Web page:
These findings likely occurred because nicotine was the sole source of oxidant stress in LB+N and N media, while complicated toxins served as sources of oxidant stress in TWW media (see Table 3).

When compared with those in LB media, the activities of CAT in strain TW were induced in TWW media (CAT/CAT LB Greater than 1), while those in strain TY were significantly inhibited (CAT/CAT LB Less than 1). Taken together, these findings indicate that the antioxidant system of strain TW was more powerful than that of strain TY when only CAT was considered.

A paired-samples t-test indicated significant differences between strain TW and strain TY (t = 4.242, df = 8, p = 0.003). Specifically, the activities of CAT in strain TY were significantly lower than in strain TW. As mentioned above, when nicotine was the only toxin present in LB+N or N media, the activities of SOD did not differ between strain TW and strain TY. These findings imply that equal levels of H 2 O 2 were generated by these strains. However, the activities of CAT [9] in strain TY were significantly lower than that in strain TW, indicating that H 2 O 2 accumulated in strain TY [10]. Thus, it is suggested that the oxidant stress from nicotine alone on strain TY was higher than that on strain TW.

Comparison of the GSH contents

As shown in Fig. 3, all of the detected GSH contents were significantly upregulated (GSH/GSH LB Greater than 1). GSH is conjugated with toxins or their metabolites directly [11]; therefore, these findings imply that GSH effectively eliminated toxins and their metabolites from strains TW and TY.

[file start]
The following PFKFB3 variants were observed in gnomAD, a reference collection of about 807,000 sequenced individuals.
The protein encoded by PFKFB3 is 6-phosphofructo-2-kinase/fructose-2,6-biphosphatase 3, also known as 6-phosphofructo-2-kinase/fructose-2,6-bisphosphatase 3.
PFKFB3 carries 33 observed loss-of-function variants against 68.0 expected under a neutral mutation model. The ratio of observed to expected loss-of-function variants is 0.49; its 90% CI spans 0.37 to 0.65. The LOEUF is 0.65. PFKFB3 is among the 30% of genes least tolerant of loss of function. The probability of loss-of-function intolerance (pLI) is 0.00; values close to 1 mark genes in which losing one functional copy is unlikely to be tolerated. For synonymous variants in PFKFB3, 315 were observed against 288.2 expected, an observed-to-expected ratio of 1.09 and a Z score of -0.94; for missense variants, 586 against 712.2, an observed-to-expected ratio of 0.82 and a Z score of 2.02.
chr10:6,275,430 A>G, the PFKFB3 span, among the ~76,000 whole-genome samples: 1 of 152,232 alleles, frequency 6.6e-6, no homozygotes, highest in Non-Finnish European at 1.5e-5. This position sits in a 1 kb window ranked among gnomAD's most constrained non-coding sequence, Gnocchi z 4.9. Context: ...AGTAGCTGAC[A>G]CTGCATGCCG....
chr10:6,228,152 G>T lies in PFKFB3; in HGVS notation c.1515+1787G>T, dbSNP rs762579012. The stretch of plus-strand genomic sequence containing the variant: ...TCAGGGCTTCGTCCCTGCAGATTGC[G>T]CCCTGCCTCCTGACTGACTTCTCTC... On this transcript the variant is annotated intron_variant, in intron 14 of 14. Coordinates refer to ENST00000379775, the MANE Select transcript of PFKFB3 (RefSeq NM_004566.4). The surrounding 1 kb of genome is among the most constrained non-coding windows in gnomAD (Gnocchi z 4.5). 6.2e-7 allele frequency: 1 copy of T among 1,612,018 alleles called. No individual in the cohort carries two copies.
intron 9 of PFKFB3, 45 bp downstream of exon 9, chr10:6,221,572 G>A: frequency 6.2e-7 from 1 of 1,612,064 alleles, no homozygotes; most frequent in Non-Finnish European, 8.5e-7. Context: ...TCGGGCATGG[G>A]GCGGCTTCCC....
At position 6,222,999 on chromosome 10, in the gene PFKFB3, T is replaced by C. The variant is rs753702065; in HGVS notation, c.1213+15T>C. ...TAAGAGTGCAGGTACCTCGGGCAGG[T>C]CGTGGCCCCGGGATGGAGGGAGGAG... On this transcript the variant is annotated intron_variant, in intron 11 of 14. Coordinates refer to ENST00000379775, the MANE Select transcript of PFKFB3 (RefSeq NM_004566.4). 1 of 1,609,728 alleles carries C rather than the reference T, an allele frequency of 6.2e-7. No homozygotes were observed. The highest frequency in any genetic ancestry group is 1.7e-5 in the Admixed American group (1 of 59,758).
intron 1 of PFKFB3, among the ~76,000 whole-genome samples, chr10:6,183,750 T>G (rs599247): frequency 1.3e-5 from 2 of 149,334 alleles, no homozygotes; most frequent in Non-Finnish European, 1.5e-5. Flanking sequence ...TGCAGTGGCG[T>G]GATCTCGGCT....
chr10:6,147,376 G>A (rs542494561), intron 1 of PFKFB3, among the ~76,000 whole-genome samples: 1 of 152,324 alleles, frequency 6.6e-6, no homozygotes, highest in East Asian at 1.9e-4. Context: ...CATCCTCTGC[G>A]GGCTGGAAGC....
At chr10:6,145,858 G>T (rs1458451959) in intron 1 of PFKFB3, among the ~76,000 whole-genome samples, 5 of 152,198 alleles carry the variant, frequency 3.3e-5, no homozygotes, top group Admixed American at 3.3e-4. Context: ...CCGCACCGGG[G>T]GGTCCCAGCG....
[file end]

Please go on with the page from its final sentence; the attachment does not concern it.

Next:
The contents of GSH increased in strain TW as follows: LB+N Less than N Less than TWW. Additionally, the contents of GSH in TWW media were significantly higher than in LB+N media (p Less than 0.05) and lower than in N media when strain TY was cultured (p Less than 0.05).

Moreover, a paired-samples t-test indicated significant differences in the GSH content of strain TW and TY (t = 4.332, df = 8, p = 0.003).

The contents of GSH in strain TW were significantly higher than in strain TY cultured in the same media (p Less than 0.05). These differences were especially high in TWW media, as indicated by the GSH content of strain TW being 4-fold greater than that of strain TY. Higher GSH contents commonly reflect stronger abilities of detoxification by organisms because more toxins and metabolites are removed by the GSH [12].

Based on the results of this study, the GSH removal system likely performed better in strain TW than in strain TY; thus, strain TW has stronger antioxidant abilities than TY for nicotine as well as other more complicated toxins.